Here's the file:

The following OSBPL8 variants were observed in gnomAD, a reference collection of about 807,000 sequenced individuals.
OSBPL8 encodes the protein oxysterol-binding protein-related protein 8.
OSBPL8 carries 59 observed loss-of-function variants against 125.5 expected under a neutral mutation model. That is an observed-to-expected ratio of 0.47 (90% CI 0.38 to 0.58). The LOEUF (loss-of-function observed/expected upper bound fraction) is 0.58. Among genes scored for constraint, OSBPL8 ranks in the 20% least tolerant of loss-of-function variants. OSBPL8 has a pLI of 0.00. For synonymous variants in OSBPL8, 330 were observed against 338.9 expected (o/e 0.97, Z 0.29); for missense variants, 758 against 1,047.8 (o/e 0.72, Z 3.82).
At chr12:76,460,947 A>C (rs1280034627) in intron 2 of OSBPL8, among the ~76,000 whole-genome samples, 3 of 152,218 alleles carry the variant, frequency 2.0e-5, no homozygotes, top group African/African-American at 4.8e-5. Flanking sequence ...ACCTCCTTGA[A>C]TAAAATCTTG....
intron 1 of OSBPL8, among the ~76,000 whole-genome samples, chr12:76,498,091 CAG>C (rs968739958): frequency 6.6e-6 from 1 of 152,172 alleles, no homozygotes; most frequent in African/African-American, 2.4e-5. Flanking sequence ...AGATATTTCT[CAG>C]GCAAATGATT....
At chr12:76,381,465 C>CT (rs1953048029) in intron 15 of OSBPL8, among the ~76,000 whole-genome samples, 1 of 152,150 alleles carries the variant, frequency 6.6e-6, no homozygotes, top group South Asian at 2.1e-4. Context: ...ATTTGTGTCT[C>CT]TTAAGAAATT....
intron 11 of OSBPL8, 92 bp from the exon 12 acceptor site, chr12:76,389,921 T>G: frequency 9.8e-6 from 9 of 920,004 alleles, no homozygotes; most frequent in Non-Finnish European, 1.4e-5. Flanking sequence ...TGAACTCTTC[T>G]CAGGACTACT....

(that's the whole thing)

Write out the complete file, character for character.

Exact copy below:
The following OSBPL8 variants were observed in gnomAD, a reference collection of about 807,000 sequenced individuals.
OSBPL8 encodes the protein oxysterol-binding protein-related protein 8.
OSBPL8 carries 59 observed loss-of-function variants against 125.5 expected under a neutral mutation model. That is an observed-to-expected ratio of 0.47 (90% CI 0.38 to 0.58). The LOEUF (loss-of-function observed/expected upper bound fraction) is 0.58. Among genes scored for constraint, OSBPL8 ranks in the 20% least tolerant of loss-of-function variants. OSBPL8 has a pLI of 0.00. For synonymous variants in OSBPL8, 330 were observed against 338.9 expected (o/e 0.97, Z 0.29); for missense variants, 758 against 1,047.8 (o/e 0.72, Z 3.82).
At chr12:76,460,947 A>C (rs1280034627) in intron 2 of OSBPL8, among the ~76,000 whole-genome samples, 3 of 152,218 alleles carry the variant, frequency 2.0e-5, no homozygotes, top group African/African-American at 4.8e-5. Flanking sequence ...ACCTCCTTGA[A>C]TAAAATCTTG....
intron 1 of OSBPL8, among the ~76,000 whole-genome samples, chr12:76,498,091 CAG>C (rs968739958): frequency 6.6e-6 from 1 of 152,172 alleles, no homozygotes; most frequent in African/African-American, 2.4e-5. Flanking sequence ...AGATATTTCT[CAG>C]GCAAATGATT....
At chr12:76,381,465 C>CT (rs1953048029) in intron 15 of OSBPL8, among the ~76,000 whole-genome samples, 1 of 152,150 alleles carries the variant, frequency 6.6e-6, no homozygotes, top group South Asian at 2.1e-4. Context: ...ATTTGTGTCT[C>CT]TTAAGAAATT....
intron 11 of OSBPL8, 92 bp from the exon 12 acceptor site, chr12:76,389,921 T>G: frequency 9.8e-6 from 9 of 920,004 alleles, no homozygotes; most frequent in Non-Finnish European, 1.4e-5. Flanking sequence ...TGAACTCTTC[T>G]CAGGACTACT....